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Monday 14 June |
Saint of the Day: Bl. Francisa de Paula de Jesus Isabel
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Text of the Stations of the Cross for 2020, led by Pope Francis

POPE VIA CRUCIS

Antoine Mekary | ALETEIA

Aleteia - published on 04/09/20

Fifth Station
Simon of Cyrene helps Jesus carry the Cross

Walwyn | Flickr CC BY-NC 2.0

(Meditation by a prisoner)

As they led him away, they seized one Simon of Cyrene, who was coming in from the country, and laid on him the cross, to carry it behind Jesus (Lk 23:26).

With my job I helped generations of children to believe in themselves. Then one day I found myself lying on the ground. It was as if they broke my back: my job was the pretext for a shameful conviction. I entered prison: prison entered my home. Since then I have become an outcast in the city: I have lost my name, I am now known by the crime of which I have been charged, I am no longer the master of my life. When I think about it, that child with worn-out shoes, wet feet, secondhand clothes comes to mind: that child was me, I was once that child. Then, one day, my arrest: three men in uniform, a rigid protocol, the prison that swallowed me alive in its concrete maw.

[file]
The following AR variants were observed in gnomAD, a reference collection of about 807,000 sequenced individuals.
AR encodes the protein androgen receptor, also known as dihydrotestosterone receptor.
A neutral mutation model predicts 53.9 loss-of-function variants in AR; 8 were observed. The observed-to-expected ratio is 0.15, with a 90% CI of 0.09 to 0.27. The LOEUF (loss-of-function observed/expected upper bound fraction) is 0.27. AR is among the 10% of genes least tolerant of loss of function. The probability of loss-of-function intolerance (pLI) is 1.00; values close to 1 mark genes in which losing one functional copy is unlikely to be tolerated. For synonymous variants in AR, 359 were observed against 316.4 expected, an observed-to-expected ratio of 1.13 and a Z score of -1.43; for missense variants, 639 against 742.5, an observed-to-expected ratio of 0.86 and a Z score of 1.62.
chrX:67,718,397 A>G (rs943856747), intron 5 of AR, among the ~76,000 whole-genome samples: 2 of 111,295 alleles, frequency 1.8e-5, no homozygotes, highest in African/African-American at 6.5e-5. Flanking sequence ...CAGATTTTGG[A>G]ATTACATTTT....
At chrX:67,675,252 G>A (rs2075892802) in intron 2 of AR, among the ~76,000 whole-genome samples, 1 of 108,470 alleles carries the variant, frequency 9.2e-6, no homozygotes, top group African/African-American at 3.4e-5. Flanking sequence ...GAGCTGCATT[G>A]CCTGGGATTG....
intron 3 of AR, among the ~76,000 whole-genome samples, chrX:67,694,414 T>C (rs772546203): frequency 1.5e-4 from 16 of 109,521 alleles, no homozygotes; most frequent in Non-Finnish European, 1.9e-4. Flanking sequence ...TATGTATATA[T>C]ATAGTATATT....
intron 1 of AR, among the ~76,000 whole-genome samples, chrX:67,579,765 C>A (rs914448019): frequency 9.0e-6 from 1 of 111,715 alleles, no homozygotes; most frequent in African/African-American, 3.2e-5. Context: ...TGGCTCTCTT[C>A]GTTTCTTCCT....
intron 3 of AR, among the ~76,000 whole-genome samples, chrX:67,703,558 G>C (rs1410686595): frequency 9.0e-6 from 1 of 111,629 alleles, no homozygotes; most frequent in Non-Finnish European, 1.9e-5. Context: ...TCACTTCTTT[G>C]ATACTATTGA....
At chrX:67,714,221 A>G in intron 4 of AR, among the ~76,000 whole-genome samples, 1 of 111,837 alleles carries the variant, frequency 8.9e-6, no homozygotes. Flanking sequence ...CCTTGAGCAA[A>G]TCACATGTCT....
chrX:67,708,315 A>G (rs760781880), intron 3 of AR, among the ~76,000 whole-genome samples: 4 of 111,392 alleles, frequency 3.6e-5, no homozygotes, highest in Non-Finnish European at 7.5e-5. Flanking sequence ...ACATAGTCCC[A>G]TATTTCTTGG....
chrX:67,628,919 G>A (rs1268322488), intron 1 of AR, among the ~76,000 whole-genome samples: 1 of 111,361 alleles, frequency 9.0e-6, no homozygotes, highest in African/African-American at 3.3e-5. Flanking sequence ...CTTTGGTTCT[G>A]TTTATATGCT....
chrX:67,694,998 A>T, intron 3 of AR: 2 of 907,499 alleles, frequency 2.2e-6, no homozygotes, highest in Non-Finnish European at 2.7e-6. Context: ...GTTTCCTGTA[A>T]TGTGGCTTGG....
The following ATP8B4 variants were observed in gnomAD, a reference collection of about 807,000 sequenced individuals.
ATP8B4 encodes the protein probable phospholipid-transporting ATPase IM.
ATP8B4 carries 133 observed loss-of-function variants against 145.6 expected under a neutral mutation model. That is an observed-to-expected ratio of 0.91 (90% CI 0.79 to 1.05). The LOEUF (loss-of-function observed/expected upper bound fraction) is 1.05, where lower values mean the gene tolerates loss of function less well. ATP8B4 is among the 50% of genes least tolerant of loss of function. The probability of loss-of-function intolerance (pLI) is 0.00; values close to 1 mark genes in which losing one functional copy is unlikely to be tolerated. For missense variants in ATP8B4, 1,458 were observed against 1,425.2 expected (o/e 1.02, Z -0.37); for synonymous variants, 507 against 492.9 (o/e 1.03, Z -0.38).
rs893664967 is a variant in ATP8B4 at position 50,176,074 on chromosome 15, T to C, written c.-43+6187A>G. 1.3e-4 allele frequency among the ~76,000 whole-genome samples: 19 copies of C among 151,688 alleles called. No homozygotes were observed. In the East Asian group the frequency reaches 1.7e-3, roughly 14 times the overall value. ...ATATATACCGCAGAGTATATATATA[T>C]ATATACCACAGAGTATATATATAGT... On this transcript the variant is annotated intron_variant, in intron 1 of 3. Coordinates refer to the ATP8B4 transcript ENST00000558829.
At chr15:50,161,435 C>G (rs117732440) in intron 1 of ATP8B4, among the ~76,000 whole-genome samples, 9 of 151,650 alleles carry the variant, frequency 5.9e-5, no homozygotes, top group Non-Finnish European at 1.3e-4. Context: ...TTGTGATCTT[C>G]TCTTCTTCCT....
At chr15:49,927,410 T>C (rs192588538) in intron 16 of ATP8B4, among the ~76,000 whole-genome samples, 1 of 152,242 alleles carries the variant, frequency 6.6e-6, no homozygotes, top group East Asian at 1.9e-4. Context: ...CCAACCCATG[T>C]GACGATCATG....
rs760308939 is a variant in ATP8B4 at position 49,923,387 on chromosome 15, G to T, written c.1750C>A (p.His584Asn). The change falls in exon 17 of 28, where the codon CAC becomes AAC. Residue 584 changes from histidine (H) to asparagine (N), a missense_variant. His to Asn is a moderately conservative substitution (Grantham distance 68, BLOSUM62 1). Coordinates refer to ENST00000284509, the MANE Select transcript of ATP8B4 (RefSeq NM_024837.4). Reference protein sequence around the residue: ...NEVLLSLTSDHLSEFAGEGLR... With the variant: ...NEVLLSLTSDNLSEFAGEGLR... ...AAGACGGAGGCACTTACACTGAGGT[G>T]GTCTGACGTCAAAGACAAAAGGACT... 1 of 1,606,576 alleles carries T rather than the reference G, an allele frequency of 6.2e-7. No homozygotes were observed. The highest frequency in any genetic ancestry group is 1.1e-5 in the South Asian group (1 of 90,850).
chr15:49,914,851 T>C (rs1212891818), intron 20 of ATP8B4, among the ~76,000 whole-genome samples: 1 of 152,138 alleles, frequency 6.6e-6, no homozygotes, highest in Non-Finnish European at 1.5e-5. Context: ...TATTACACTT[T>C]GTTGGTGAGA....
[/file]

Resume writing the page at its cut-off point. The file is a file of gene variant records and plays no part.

The cross they placed on my shoulders is a heavy one. Over time I have learned to live with it, to look it in the face, to call it by name: we spend many nights keeping each other company. Inside prisons, Simon of Cyrene is known by everyone: it is the second name of volunteers, of those who mount this Calvary to help carry a cross; they are people who reject the law of the pack and listen to their conscience. Simon of Cyrene, too, is my cellmate: I met him my first night in prison. He was a man who had lived on a bench for years, without affection or income. His only wealth was a box of candies. He has a sweet tooth, but he insisted that I bring it to my wife the first time she visited me: she burst into tears at that unexpected and thoughtful gesture.

I’m growing old in prison: I dream that one day, I will be able to trust others.

To become a Cyrenean, bringing joy to someone.

Lord Jesus, from the moment of your birth to the time you met a stranger who helped you carry your cross, you wanted to depend on our help. We too, like the Cyrenean, desire to be close to our brothers and sisters and to help in offering the Father’s mercy that breaks the yoke that oppresses them.

Let us pray.

O God, defender of the poor and comforter of the afflicted, strengthen us with your presence and help us to bear each day the easy yoke of your commandment of love. Through Christ our Lord. Amen.

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